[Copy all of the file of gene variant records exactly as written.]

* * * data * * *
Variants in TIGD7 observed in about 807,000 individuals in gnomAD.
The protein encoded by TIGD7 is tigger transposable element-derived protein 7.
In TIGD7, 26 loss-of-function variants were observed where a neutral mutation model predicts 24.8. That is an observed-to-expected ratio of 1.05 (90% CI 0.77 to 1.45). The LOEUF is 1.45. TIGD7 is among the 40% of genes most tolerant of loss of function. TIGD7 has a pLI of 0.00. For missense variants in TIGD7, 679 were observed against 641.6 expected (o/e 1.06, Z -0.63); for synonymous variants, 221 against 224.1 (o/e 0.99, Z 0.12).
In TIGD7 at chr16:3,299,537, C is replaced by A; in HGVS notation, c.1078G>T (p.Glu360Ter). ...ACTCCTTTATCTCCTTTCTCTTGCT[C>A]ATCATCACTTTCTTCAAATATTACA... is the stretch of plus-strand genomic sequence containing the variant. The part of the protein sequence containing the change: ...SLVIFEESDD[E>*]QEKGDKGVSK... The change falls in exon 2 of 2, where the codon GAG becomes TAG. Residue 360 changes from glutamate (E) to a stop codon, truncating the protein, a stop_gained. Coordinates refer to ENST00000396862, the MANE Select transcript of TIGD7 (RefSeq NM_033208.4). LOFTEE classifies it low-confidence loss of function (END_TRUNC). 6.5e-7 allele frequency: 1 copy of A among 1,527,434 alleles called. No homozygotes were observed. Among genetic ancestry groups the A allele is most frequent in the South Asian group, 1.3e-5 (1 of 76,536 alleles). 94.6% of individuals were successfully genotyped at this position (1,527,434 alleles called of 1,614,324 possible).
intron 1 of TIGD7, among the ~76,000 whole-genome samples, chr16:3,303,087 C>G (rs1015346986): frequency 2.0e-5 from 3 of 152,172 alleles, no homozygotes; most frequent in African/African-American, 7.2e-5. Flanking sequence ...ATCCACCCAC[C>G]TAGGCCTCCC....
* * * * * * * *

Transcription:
Variants in TIGD7 observed in about 807,000 individuals in gnomAD.
The protein encoded by TIGD7 is tigger transposable element-derived protein 7.
In TIGD7, 26 loss-of-function variants were observed where a neutral mutation model predicts 24.8. That is an observed-to-expected ratio of 1.05 (90% CI 0.77 to 1.45). The LOEUF is 1.45. TIGD7 is among the 40% of genes most tolerant of loss of function. TIGD7 has a pLI of 0.00. For missense variants in TIGD7, 679 were observed against 641.6 expected (o/e 1.06, Z -0.63); for synonymous variants, 221 against 224.1 (o/e 0.99, Z 0.12).
In TIGD7 at chr16:3,299,537, C is replaced by A; in HGVS notation, c.1078G>T (p.Glu360Ter). ...ACTCCTTTATCTCCTTTCTCTTGCT[C>A]ATCATCACTTTCTTCAAATATTACA... is the stretch of plus-strand genomic sequence containing the variant. The part of the protein sequence containing the change: ...SLVIFEESDD[E>*]QEKGDKGVSK... The change falls in exon 2 of 2, where the codon GAG becomes TAG. Residue 360 changes from glutamate (E) to a stop codon, truncating the protein, a stop_gained. Coordinates refer to ENST00000396862, the MANE Select transcript of TIGD7 (RefSeq NM_033208.4). LOFTEE classifies it low-confidence loss of function (END_TRUNC). 6.5e-7 allele frequency: 1 copy of A among 1,527,434 alleles called. No homozygotes were observed. Among genetic ancestry groups the A allele is most frequent in the South Asian group, 1.3e-5 (1 of 76,536 alleles). 94.6% of individuals were successfully genotyped at this position (1,527,434 alleles called of 1,614,324 possible).
intron 1 of TIGD7, among the ~76,000 whole-genome samples, chr16:3,303,087 C>G (rs1015346986): frequency 2.0e-5 from 3 of 152,172 alleles, no homozygotes; most frequent in African/African-American, 7.2e-5. Flanking sequence ...ATCCACCCAC[C>G]TAGGCCTCCC....